LPGA Certification:

Is not a legal requirement and not all insurance companies require it. The LPGA is a fee charging organisation that ANY installer can join regardless as to how competent they are. Joining the LPGA is a bit like joining a Golf Club. Any one can become a member but it doesn't mean that you are any good. In fact I have had to rectify systems that have been LPGA certified that were on the border line of being mobile bombs. Do not put too much importance on LPGA mebership or system certification when choosing an installer. Look at the quality of their work and talk to previous customers. It is far more value than an LPGA certificate

LPG & diesels


Unless a diesel is specifically designed to run on LPG (some forklifts for instance), LPG on diesels is usually a supplementary fuel. It's use in general is to provide an increase in power. CNG (compressed natural gas) is more commonly used commercially on diesels and a number of bus companies use CNG powered vehicles).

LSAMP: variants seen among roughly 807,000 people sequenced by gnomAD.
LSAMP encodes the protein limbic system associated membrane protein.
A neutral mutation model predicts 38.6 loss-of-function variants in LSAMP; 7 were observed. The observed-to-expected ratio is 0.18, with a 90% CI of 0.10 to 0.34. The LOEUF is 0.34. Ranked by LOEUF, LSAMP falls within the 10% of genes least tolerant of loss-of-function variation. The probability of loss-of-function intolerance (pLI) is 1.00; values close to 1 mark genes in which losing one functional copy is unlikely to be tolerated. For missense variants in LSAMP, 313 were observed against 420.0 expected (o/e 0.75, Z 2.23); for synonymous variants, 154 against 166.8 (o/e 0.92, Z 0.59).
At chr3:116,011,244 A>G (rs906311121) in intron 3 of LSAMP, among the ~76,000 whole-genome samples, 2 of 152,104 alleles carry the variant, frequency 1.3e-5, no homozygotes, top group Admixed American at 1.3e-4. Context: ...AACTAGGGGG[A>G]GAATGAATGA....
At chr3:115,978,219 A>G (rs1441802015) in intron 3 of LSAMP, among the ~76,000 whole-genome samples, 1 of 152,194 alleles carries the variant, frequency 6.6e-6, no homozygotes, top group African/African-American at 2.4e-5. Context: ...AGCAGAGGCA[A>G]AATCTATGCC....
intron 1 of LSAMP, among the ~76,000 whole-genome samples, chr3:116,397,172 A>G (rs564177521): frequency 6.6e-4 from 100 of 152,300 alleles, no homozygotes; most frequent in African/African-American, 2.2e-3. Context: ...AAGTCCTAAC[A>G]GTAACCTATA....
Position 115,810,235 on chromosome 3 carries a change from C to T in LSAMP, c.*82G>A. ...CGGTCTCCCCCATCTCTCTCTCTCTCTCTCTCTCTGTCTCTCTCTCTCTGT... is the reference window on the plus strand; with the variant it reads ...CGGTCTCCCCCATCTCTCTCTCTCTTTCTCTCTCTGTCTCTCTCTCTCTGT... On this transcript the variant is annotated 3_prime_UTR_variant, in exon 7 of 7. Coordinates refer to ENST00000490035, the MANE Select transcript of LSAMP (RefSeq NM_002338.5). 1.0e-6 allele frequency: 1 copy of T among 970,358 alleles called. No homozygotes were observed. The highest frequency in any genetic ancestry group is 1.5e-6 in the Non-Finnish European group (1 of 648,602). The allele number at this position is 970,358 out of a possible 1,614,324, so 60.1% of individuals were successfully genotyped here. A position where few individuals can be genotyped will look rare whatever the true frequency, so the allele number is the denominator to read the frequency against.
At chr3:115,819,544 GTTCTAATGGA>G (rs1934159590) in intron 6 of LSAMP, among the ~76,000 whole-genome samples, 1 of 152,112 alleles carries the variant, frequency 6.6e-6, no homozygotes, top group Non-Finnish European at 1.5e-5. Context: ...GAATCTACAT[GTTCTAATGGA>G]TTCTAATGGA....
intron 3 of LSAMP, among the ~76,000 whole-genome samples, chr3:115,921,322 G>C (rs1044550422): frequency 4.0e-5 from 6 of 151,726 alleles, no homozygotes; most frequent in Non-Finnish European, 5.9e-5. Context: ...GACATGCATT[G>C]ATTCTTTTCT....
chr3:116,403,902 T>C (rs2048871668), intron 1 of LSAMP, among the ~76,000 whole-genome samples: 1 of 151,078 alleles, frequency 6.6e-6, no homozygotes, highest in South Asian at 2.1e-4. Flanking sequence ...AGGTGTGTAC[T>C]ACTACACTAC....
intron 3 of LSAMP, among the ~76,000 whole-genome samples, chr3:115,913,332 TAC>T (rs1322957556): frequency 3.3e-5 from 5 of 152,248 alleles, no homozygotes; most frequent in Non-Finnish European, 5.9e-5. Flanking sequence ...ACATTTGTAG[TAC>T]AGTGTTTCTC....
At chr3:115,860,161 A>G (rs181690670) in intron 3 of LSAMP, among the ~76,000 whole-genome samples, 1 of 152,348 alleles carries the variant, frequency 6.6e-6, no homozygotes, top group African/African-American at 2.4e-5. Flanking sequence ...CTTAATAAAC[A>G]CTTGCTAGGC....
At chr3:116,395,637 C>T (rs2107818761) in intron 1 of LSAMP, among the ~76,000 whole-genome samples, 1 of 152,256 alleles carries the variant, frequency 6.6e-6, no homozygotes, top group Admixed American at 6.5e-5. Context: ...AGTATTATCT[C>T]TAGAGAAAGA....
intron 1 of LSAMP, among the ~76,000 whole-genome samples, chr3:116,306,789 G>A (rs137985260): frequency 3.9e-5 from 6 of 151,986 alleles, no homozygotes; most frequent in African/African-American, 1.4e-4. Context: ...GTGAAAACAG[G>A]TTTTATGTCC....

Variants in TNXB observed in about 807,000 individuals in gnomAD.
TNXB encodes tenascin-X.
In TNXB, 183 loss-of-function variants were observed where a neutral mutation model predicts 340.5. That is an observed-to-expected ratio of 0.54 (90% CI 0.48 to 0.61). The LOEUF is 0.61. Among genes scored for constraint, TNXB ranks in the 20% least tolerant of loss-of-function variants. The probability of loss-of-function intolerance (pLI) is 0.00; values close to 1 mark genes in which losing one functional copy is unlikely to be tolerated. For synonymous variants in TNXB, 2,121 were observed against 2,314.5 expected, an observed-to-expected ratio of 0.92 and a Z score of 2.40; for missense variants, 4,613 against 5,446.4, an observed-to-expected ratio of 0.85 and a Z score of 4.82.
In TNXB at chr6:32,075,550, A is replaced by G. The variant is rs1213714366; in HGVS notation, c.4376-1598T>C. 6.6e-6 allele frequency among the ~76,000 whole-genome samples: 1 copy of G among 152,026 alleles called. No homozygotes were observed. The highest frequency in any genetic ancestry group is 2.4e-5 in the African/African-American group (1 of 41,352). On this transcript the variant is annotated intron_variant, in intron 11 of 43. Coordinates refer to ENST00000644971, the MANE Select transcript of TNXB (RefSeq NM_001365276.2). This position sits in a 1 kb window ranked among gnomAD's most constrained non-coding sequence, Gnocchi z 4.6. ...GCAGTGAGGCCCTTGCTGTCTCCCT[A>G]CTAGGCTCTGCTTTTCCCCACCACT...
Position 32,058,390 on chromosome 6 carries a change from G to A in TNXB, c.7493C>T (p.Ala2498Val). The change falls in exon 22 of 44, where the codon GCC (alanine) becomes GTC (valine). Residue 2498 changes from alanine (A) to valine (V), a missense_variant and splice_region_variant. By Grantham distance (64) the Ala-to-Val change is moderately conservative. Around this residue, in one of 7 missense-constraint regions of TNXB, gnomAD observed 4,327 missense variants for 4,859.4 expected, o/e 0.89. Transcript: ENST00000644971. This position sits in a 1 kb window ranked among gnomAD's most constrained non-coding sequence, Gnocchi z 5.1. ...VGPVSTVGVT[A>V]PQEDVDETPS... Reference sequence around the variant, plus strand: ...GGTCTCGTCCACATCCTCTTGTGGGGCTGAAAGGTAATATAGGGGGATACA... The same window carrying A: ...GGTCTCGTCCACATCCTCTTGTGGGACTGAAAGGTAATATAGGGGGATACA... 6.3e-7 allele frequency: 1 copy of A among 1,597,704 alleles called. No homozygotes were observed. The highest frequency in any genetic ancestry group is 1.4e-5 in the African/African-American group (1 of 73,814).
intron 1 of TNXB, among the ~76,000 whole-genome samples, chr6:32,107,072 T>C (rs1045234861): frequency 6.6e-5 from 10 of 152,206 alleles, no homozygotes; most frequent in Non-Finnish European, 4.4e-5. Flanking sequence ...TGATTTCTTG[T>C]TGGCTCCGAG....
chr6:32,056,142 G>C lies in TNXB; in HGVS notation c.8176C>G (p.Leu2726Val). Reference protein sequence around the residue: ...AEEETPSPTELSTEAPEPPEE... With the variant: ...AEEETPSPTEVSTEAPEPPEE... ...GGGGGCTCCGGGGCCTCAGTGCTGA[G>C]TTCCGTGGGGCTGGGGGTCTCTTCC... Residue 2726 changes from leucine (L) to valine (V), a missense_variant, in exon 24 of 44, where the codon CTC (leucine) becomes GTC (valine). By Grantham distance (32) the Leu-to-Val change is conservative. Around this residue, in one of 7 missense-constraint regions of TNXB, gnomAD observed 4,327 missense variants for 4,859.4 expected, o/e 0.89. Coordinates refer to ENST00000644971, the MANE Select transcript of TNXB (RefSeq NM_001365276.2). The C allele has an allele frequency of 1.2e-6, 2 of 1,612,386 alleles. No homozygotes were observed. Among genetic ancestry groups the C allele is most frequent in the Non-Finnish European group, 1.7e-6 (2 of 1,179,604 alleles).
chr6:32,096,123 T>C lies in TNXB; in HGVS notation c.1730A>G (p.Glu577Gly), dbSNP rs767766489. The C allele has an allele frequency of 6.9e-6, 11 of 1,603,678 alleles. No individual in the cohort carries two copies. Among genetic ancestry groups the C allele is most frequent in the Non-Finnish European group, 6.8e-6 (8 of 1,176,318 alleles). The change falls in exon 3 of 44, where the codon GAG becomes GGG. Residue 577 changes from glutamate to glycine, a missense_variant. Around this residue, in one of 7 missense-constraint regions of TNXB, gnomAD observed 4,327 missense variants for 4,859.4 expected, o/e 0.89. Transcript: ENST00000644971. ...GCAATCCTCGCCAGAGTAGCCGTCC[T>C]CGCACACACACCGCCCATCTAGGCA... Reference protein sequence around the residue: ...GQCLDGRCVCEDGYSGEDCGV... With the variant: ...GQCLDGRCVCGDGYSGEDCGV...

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PostSubject: Re: LPG FAQ   Wed Feb 06, 2013 10:33 am

Thanks for the update Father Tiresias Bow

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PostSubject: LPG servicing?   Wed Jul 17, 2013 4:29 pm

Can anyone explain what servicing is needed by an lpg coverted engine in addition to the normal fluids etc or a standard petrol service.
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PostSubject: Re: LPG FAQ   Wed Jul 17, 2013 5:55 pm

It depends on the type of system fitted but generally there is a filter somewhere in the LPG line or vapouriser that should be replaced. Obviously condition of pipework and wiring is important and checking all pipe joints, fittings and solenoids for leaks using either soapy water or proper leak checking fluid is a good idea. The byproduct of using LPG is a treacly substance known as heavy ends which collect in the vapouriser. This should be drained out. Other than that, just setting up idle and emissions as you would with a carburated engine.

Condition of the ignition system is as important as the LPG kit itself. Good quality components should be used and should be kept in good condition.

If the engine does not run right on LPG and everything else checks out Ok rebuild kits can be obtained for most vapourisers.